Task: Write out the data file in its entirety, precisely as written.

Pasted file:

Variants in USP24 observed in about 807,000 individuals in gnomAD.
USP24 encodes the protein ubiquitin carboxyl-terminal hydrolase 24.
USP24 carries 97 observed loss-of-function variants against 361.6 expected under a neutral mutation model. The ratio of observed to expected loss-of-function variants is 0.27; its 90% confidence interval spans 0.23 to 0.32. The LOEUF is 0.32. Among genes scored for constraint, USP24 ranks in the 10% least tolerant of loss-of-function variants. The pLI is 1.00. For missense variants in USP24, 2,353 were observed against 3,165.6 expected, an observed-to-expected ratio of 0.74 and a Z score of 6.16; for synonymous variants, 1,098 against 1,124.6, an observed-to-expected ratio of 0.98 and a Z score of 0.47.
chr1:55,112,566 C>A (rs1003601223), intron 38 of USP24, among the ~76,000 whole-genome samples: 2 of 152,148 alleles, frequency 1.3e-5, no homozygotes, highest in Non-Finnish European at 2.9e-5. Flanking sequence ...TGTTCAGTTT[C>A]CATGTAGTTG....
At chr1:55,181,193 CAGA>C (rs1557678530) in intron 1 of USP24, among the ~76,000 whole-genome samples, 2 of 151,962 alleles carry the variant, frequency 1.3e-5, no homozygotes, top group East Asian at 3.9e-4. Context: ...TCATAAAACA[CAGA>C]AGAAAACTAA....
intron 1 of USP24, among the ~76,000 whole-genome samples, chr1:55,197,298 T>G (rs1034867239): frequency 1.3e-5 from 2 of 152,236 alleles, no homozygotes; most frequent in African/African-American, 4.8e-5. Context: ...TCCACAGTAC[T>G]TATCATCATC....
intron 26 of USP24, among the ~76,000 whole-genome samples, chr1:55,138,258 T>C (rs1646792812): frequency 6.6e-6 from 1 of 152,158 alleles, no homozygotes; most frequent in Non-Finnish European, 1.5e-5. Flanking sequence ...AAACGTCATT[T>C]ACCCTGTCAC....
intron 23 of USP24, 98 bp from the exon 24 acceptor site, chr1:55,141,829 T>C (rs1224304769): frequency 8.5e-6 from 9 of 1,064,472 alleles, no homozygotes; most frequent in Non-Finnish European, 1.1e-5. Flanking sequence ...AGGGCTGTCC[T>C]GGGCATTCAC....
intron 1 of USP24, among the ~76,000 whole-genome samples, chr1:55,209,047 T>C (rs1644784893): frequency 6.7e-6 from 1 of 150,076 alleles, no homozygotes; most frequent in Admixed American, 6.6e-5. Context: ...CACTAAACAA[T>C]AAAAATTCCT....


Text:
Variants in USP24 observed in about 807,000 individuals in gnomAD.
USP24 encodes the protein ubiquitin carboxyl-terminal hydrolase 24.
USP24 carries 97 observed loss-of-function variants against 361.6 expected under a neutral mutation model. The ratio of observed to expected loss-of-function variants is 0.27; its 90% confidence interval spans 0.23 to 0.32. The LOEUF is 0.32. Among genes scored for constraint, USP24 ranks in the 10% least tolerant of loss-of-function variants. The pLI is 1.00. For missense variants in USP24, 2,353 were observed against 3,165.6 expected, an observed-to-expected ratio of 0.74 and a Z score of 6.16; for synonymous variants, 1,098 against 1,124.6, an observed-to-expected ratio of 0.98 and a Z score of 0.47.
chr1:55,112,566 C>A (rs1003601223), intron 38 of USP24, among the ~76,000 whole-genome samples: 2 of 152,148 alleles, frequency 1.3e-5, no homozygotes, highest in Non-Finnish European at 2.9e-5. Flanking sequence ...TGTTCAGTTT[C>A]CATGTAGTTG....
At chr1:55,181,193 CAGA>C (rs1557678530) in intron 1 of USP24, among the ~76,000 whole-genome samples, 2 of 151,962 alleles carry the variant, frequency 1.3e-5, no homozygotes, top group East Asian at 3.9e-4. Context: ...TCATAAAACA[CAGA>C]AGAAAACTAA....
intron 1 of USP24, among the ~76,000 whole-genome samples, chr1:55,197,298 T>G (rs1034867239): frequency 1.3e-5 from 2 of 152,236 alleles, no homozygotes; most frequent in African/African-American, 4.8e-5. Context: ...TCCACAGTAC[T>G]TATCATCATC....
intron 26 of USP24, among the ~76,000 whole-genome samples, chr1:55,138,258 T>C (rs1646792812): frequency 6.6e-6 from 1 of 152,158 alleles, no homozygotes; most frequent in Non-Finnish European, 1.5e-5. Flanking sequence ...AAACGTCATT[T>C]ACCCTGTCAC....
intron 23 of USP24, 98 bp from the exon 24 acceptor site, chr1:55,141,829 T>C (rs1224304769): frequency 8.5e-6 from 9 of 1,064,472 alleles, no homozygotes; most frequent in Non-Finnish European, 1.1e-5. Flanking sequence ...AGGGCTGTCC[T>C]GGGCATTCAC....
intron 1 of USP24, among the ~76,000 whole-genome samples, chr1:55,209,047 T>C (rs1644784893): frequency 6.7e-6 from 1 of 150,076 alleles, no homozygotes; most frequent in Admixed American, 6.6e-5. Context: ...CACTAAACAA[T>C]AAAAATTCCT....